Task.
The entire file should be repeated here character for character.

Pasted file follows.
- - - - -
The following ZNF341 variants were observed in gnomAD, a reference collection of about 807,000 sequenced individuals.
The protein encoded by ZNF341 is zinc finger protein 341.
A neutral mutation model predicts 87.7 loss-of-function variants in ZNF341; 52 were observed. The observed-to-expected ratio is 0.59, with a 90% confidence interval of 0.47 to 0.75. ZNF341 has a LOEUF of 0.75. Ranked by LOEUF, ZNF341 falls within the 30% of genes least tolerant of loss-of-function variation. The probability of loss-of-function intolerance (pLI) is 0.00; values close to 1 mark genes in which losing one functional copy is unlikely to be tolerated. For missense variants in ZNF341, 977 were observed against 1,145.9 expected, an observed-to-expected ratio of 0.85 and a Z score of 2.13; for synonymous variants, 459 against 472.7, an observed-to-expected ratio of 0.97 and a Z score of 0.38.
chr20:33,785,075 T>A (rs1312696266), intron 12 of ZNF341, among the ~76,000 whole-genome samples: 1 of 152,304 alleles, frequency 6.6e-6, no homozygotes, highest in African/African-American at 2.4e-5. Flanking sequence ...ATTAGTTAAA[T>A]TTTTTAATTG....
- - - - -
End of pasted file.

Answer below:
The following ZNF341 variants were observed in gnomAD, a reference collection of about 807,000 sequenced individuals.
The protein encoded by ZNF341 is zinc finger protein 341.
A neutral mutation model predicts 87.7 loss-of-function variants in ZNF341; 52 were observed. The observed-to-expected ratio is 0.59, with a 90% confidence interval of 0.47 to 0.75. ZNF341 has a LOEUF of 0.75. Ranked by LOEUF, ZNF341 falls within the 30% of genes least tolerant of loss-of-function variation. The probability of loss-of-function intolerance (pLI) is 0.00; values close to 1 mark genes in which losing one functional copy is unlikely to be tolerated. For missense variants in ZNF341, 977 were observed against 1,145.9 expected, an observed-to-expected ratio of 0.85 and a Z score of 2.13; for synonymous variants, 459 against 472.7, an observed-to-expected ratio of 0.97 and a Z score of 0.38.
chr20:33,785,075 T>A (rs1312696266), intron 12 of ZNF341, among the ~76,000 whole-genome samples: 1 of 152,304 alleles, frequency 6.6e-6, no homozygotes, highest in African/African-American at 2.4e-5. Flanking sequence ...ATTAGTTAAA[T>A]TTTTTAATTG....